The article “School of Hate” was written by Sabrina Rubin Erdely, who is an American Magazine writer who lives in Philadelphia, Pennsylvania. She has written many articles for the likes of Rolling stone, Gentleman’s Quarterly, and The New Yorker. In the article Erdely discusses the bullying and homophobia that happened in the Anoka-Hennepin school district during the mid-2000s. Her article gives both points of view from the kids being bullied, as well as from the religious conservatives who thought that nothing was wrong with the homophobic slurs that were being said to children and teenagers. One may disagree with the perspective of the religious conservatives.
I observed a Mauston City Council meeting on September 8th at the City Hall. The meeting lasted for a total of 38 minutes, 13 minutes of that time was spent in closed session. The members in attendance were Mayor Brian McGuire and council members Dennis Nielsen, Dennis Emery, Francis McCoy, Steve Leavitt, Rick Noe, Floyd Babcock, and Leslie Householder. Joining them were Acting Police Chief Mike Zilisch, City Administrator Nathan Thiel, Public Works Director Rob Nelson, and Administrative Assistant Diane Kropiwka. Many high school students were there to observe the meeting.
David McCullough, in his Wellesley High School Commencement Address, utilizes imagery to convey to his audience that each individual possesses the same common potential. While addressing the graduating class of 2012, McCullough makes a point to emphasize how unexceptional the students are. By bringing to light the fact that the students are all wearing the same “ceremonial costume…shapeless, uniform, one-size-fits-all” (McCullough 1), he illustrates the conformity of the crowd. By depicting the cap and gown, McCullough demonstrates that each student at the ceremony are at the same level.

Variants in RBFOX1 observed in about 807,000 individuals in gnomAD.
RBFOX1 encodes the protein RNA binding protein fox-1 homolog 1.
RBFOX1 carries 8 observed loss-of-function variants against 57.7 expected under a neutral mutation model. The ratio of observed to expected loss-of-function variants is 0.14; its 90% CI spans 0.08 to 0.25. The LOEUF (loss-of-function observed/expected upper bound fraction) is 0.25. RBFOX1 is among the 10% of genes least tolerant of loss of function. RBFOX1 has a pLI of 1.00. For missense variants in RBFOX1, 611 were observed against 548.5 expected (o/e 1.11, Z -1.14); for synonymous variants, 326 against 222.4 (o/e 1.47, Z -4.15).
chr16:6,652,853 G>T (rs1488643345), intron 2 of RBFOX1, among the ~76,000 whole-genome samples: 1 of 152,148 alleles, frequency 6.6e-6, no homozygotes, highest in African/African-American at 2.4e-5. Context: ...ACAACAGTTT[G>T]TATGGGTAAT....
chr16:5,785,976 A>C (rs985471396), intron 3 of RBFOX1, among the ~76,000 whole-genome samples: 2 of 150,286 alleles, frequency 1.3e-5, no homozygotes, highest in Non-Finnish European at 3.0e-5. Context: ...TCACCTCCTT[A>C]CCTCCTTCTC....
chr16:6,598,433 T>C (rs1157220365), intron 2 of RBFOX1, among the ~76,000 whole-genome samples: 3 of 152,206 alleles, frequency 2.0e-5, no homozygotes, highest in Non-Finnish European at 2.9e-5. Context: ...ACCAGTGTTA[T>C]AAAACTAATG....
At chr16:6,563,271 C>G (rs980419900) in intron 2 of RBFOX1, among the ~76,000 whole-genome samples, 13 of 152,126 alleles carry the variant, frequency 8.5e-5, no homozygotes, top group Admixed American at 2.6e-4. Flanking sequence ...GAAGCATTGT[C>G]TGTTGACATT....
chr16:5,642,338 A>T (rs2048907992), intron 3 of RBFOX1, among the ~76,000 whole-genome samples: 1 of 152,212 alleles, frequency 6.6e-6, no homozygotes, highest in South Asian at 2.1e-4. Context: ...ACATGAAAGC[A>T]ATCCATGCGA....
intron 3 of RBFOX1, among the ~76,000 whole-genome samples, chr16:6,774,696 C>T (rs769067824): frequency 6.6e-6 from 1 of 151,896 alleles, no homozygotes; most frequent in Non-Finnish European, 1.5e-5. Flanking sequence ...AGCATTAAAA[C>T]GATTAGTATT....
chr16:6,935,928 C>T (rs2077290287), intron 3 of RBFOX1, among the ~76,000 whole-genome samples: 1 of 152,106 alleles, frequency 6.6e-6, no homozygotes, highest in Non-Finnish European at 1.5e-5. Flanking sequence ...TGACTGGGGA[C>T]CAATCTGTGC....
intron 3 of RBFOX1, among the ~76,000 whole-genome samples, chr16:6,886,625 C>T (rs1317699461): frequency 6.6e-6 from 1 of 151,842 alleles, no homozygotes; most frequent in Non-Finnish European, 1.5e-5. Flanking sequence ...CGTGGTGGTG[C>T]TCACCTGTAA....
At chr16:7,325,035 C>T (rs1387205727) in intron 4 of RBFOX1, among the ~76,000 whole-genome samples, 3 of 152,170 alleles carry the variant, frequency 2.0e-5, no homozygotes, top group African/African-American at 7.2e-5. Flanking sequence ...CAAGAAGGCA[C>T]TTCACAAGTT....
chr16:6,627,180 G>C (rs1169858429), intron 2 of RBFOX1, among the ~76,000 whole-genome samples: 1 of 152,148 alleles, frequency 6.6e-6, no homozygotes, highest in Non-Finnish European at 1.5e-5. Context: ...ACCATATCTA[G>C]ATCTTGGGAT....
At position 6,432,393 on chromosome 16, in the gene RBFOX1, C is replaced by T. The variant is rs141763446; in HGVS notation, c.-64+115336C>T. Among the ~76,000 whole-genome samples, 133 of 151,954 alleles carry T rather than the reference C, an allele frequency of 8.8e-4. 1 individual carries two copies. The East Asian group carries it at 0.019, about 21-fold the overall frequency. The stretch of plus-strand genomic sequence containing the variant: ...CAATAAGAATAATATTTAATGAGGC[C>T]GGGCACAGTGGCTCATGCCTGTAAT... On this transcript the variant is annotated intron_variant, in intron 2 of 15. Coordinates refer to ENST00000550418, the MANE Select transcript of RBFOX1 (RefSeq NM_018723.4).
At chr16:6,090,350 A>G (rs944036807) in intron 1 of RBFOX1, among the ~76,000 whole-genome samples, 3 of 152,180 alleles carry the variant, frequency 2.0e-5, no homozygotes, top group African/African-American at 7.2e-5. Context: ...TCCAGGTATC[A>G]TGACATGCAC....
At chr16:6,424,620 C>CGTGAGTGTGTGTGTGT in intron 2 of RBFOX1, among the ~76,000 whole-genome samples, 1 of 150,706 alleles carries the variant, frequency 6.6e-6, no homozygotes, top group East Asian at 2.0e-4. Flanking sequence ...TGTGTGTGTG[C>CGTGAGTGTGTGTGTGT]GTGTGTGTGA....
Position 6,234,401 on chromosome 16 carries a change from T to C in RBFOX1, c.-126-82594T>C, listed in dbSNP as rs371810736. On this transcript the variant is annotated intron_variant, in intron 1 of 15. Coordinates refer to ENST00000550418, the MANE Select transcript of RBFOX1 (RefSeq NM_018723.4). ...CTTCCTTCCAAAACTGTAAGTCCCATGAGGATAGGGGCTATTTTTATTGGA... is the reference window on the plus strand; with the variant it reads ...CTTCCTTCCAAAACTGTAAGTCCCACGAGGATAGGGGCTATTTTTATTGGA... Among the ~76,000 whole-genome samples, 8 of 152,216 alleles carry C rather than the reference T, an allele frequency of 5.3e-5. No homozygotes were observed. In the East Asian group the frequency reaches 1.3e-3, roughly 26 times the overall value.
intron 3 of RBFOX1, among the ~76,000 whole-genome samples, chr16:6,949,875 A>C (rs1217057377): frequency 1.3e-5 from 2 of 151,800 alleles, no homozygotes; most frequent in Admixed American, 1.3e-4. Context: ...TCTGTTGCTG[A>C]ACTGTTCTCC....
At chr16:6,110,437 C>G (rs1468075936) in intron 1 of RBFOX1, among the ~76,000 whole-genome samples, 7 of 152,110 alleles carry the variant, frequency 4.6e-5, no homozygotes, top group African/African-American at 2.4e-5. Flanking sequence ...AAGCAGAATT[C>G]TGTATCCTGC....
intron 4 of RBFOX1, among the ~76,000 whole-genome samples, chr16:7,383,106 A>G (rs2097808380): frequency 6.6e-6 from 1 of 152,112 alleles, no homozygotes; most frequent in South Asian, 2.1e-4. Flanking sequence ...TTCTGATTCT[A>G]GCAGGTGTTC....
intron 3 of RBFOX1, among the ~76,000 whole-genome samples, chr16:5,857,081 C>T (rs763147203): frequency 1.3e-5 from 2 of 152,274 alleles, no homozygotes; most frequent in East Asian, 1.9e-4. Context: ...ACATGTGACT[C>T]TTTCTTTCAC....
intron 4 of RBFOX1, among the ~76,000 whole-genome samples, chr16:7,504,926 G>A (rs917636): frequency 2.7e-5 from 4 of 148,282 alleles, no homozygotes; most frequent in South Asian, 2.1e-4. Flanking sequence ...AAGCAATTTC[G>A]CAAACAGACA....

A human sexuality teacher tries to explain throughout the essay how boy’s behaviors match up to the standards society sets for them. “We’ll know we’ve succeeded when boys call one another more often on disrespectful behavior, instead of congratulatory, because they will have the self-respect and confidence that comes with being held to and holding themselves to high standards”. (Roffman 24). The teacher states “I confiscated a hat from a student’s head that read, “I’m a Pimp”…I asked the boy whether he would wear hat that said “I’m a Rapist”… I said “Do you have any idea what real pimps do to keep their girls’ in line?”(Roffman 11).
In 1969, the U.S. Supreme Court case Tinker v. Des Moines Independent Community School District upheld the right to freedom of speech of students to protest the Vietnam war by wearing black armbands. The case explained the problem that “students do not “shed their constitutional rights to freedom of speech or expression at the schoolhouse gate.” (Student) As students, we are free to express ourselves through what we wear. As students, we have every right to proclaim our beliefs
On November 9, Mead School District held the fifth school board meeting of this academic year. Running the meeting was Superintendent Tom Rockefeller, President Board Director Ron Farley, Vice President Board Director Denny Denholm, and Board Directors, Maureen O’Connor, Robert Olson, and Carmen Green. All of the directors were recently re-elected, excluding Maureen O’Connor who isn’t up for re-election until next year. Due to this, there was an almost celebratory feel to the meeting, with many of the Directors, especially Vice-President Denholm, making jokes and being conversational with the small audience. At the meeting, I was the only person attending that was not giving a presentation to the board.